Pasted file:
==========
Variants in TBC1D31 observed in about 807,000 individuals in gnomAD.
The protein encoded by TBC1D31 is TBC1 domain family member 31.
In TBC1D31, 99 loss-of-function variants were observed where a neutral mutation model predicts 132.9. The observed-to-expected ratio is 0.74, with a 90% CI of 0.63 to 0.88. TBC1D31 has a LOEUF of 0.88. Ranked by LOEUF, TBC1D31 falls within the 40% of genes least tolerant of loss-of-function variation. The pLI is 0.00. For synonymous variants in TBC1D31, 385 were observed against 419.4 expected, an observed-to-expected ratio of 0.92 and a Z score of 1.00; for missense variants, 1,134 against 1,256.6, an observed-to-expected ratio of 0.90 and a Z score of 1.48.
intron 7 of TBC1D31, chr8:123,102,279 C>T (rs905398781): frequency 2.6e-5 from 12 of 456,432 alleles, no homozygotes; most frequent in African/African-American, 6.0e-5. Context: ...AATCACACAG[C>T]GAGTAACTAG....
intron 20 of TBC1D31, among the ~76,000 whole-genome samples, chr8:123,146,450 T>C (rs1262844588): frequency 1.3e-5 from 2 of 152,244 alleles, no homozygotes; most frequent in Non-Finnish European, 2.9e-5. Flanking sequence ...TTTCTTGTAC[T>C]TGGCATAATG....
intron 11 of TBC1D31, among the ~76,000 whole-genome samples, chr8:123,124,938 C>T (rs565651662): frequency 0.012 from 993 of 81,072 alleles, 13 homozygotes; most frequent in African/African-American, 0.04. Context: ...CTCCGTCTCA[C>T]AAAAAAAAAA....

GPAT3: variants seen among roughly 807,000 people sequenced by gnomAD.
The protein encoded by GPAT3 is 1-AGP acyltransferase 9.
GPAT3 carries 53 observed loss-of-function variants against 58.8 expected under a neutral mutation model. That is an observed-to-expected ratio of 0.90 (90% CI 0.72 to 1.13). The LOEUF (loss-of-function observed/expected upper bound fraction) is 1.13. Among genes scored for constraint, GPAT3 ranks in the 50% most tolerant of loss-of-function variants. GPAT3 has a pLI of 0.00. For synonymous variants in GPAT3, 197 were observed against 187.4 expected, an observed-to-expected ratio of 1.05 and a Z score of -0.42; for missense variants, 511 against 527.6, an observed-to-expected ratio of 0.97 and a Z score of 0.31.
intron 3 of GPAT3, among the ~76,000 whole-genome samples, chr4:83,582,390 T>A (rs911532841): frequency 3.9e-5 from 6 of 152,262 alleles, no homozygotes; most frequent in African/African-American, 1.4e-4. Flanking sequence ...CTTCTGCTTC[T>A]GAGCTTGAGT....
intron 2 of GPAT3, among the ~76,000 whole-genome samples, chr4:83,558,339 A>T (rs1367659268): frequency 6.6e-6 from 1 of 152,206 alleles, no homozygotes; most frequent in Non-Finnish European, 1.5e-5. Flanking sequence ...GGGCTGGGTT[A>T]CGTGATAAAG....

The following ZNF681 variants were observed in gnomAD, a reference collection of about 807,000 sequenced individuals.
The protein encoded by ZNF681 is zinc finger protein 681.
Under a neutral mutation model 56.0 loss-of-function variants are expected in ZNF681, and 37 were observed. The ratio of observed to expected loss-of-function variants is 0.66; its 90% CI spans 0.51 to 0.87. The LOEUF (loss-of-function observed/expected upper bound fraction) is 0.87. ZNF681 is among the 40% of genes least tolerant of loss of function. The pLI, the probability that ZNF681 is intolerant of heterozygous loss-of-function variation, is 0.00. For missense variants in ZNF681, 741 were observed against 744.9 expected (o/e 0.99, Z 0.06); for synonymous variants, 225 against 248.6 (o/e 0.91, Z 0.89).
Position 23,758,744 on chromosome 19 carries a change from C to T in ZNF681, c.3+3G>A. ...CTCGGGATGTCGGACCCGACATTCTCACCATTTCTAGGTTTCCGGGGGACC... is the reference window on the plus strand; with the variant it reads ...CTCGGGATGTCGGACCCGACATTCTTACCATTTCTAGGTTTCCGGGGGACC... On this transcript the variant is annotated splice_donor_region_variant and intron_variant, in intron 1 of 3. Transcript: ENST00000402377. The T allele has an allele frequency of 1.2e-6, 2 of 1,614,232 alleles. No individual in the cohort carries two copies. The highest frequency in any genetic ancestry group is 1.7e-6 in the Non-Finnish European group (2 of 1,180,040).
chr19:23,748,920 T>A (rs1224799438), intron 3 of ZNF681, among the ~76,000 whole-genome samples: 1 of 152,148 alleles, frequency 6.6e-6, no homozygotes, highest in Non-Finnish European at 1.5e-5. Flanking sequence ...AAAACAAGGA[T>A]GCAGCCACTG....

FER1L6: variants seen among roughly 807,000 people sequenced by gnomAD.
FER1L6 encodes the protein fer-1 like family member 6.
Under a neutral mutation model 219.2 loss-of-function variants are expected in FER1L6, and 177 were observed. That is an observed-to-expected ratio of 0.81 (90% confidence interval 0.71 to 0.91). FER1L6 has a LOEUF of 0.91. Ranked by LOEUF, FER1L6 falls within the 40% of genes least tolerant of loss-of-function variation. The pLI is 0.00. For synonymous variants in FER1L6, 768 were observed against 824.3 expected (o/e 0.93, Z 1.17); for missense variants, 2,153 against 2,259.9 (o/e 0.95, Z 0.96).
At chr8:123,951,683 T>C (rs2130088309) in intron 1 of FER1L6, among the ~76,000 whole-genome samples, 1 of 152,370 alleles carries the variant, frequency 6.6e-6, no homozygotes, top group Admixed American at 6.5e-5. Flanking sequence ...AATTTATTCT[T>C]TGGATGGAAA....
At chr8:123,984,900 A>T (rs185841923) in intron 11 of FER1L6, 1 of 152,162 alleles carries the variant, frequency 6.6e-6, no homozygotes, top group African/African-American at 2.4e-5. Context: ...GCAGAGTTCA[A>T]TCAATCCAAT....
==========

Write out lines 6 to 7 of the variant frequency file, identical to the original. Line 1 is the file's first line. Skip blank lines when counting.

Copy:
intron 11 of TBC1D31, among the ~76,000 whole-genome samples, chr8:123,124,938 C>T (rs565651662): frequency 0.012 from 993 of 81,072 alleles, 13 homozygotes; most frequent in African/African-American, 0.04. Context: ...CTCCGTCTCA[C>T]AAAAAAAAAA....

GPAT3: variants seen among roughly 807,000 people sequenced by gnomAD.